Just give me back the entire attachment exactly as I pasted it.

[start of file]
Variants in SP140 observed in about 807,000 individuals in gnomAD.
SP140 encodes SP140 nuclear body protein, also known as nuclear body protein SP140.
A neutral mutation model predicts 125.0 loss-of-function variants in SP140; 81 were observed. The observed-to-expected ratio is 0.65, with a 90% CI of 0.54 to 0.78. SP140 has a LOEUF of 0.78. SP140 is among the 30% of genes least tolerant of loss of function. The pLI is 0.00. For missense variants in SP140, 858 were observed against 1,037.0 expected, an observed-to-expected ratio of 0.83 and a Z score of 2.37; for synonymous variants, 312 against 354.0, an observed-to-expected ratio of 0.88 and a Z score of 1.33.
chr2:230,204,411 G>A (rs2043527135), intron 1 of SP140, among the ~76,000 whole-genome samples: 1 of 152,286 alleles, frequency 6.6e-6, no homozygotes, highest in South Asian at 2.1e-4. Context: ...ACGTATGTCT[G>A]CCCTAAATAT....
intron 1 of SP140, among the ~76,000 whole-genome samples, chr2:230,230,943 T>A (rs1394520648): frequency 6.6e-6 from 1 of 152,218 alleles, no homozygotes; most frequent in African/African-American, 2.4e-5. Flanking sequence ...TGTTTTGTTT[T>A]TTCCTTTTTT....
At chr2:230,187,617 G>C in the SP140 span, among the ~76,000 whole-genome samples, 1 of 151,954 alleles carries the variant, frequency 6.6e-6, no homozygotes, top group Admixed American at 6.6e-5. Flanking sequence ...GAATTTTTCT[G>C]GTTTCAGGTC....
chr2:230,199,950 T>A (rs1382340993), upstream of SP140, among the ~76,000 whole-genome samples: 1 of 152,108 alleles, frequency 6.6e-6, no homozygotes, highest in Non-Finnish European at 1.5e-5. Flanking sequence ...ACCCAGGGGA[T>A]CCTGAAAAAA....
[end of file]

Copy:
Variants in SP140 observed in about 807,000 individuals in gnomAD.
SP140 encodes SP140 nuclear body protein, also known as nuclear body protein SP140.
A neutral mutation model predicts 125.0 loss-of-function variants in SP140; 81 were observed. The observed-to-expected ratio is 0.65, with a 90% CI of 0.54 to 0.78. SP140 has a LOEUF of 0.78. SP140 is among the 30% of genes least tolerant of loss of function. The pLI is 0.00. For missense variants in SP140, 858 were observed against 1,037.0 expected, an observed-to-expected ratio of 0.83 and a Z score of 2.37; for synonymous variants, 312 against 354.0, an observed-to-expected ratio of 0.88 and a Z score of 1.33.
chr2:230,204,411 G>A (rs2043527135), intron 1 of SP140, among the ~76,000 whole-genome samples: 1 of 152,286 alleles, frequency 6.6e-6, no homozygotes, highest in South Asian at 2.1e-4. Context: ...ACGTATGTCT[G>A]CCCTAAATAT....
intron 1 of SP140, among the ~76,000 whole-genome samples, chr2:230,230,943 T>A (rs1394520648): frequency 6.6e-6 from 1 of 152,218 alleles, no homozygotes; most frequent in African/African-American, 2.4e-5. Flanking sequence ...TGTTTTGTTT[T>A]TTCCTTTTTT....
At chr2:230,187,617 G>C in the SP140 span, among the ~76,000 whole-genome samples, 1 of 151,954 alleles carries the variant, frequency 6.6e-6, no homozygotes, top group Admixed American at 6.6e-5. Flanking sequence ...GAATTTTTCT[G>C]GTTTCAGGTC....
chr2:230,199,950 T>A (rs1382340993), upstream of SP140, among the ~76,000 whole-genome samples: 1 of 152,108 alleles, frequency 6.6e-6, no homozygotes, highest in Non-Finnish European at 1.5e-5. Flanking sequence ...ACCCAGGGGA[T>A]CCTGAAAAAA....